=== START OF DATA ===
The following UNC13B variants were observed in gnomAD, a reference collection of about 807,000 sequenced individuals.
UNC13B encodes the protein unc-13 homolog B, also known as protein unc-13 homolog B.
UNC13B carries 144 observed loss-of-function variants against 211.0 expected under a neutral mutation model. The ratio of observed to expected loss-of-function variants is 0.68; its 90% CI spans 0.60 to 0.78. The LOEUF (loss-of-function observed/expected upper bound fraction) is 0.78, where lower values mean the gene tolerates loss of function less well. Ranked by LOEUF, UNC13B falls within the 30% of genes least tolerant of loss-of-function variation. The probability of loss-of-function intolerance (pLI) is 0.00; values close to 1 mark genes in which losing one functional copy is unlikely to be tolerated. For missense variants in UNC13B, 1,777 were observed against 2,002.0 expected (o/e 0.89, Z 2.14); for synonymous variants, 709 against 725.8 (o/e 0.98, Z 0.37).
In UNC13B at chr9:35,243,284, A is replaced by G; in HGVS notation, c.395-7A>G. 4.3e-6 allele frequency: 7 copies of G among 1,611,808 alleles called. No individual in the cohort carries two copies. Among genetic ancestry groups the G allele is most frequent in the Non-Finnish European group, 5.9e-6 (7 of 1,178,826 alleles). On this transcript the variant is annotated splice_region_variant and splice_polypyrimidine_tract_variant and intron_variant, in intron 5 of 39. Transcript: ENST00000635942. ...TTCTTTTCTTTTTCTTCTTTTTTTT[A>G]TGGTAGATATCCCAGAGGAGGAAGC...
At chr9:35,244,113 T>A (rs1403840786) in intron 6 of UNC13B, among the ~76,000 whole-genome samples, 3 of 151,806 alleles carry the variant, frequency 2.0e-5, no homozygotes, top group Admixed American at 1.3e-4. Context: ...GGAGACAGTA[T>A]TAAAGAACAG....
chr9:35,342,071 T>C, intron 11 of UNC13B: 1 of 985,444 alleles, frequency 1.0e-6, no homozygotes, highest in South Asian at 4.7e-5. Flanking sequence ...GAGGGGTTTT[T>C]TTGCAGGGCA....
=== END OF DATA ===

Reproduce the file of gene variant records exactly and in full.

The following UNC13B variants were observed in gnomAD, a reference collection of about 807,000 sequenced individuals.
UNC13B encodes the protein unc-13 homolog B, also known as protein unc-13 homolog B.
UNC13B carries 144 observed loss-of-function variants against 211.0 expected under a neutral mutation model. The ratio of observed to expected loss-of-function variants is 0.68; its 90% CI spans 0.60 to 0.78. The LOEUF (loss-of-function observed/expected upper bound fraction) is 0.78, where lower values mean the gene tolerates loss of function less well. Ranked by LOEUF, UNC13B falls within the 30% of genes least tolerant of loss-of-function variation. The probability of loss-of-function intolerance (pLI) is 0.00; values close to 1 mark genes in which losing one functional copy is unlikely to be tolerated. For missense variants in UNC13B, 1,777 were observed against 2,002.0 expected (o/e 0.89, Z 2.14); for synonymous variants, 709 against 725.8 (o/e 0.98, Z 0.37).
In UNC13B at chr9:35,243,284, A is replaced by G; in HGVS notation, c.395-7A>G. 4.3e-6 allele frequency: 7 copies of G among 1,611,808 alleles called. No individual in the cohort carries two copies. Among genetic ancestry groups the G allele is most frequent in the Non-Finnish European group, 5.9e-6 (7 of 1,178,826 alleles). On this transcript the variant is annotated splice_region_variant and splice_polypyrimidine_tract_variant and intron_variant, in intron 5 of 39. Transcript: ENST00000635942. ...TTCTTTTCTTTTTCTTCTTTTTTTT[A>G]TGGTAGATATCCCAGAGGAGGAAGC...
At chr9:35,244,113 T>A (rs1403840786) in intron 6 of UNC13B, among the ~76,000 whole-genome samples, 3 of 151,806 alleles carry the variant, frequency 2.0e-5, no homozygotes, top group Admixed American at 1.3e-4. Context: ...GGAGACAGTA[T>A]TAAAGAACAG....
chr9:35,342,071 T>C, intron 11 of UNC13B: 1 of 985,444 alleles, frequency 1.0e-6, no homozygotes, highest in South Asian at 4.7e-5. Flanking sequence ...GAGGGGTTTT[T>C]TTGCAGGGCA....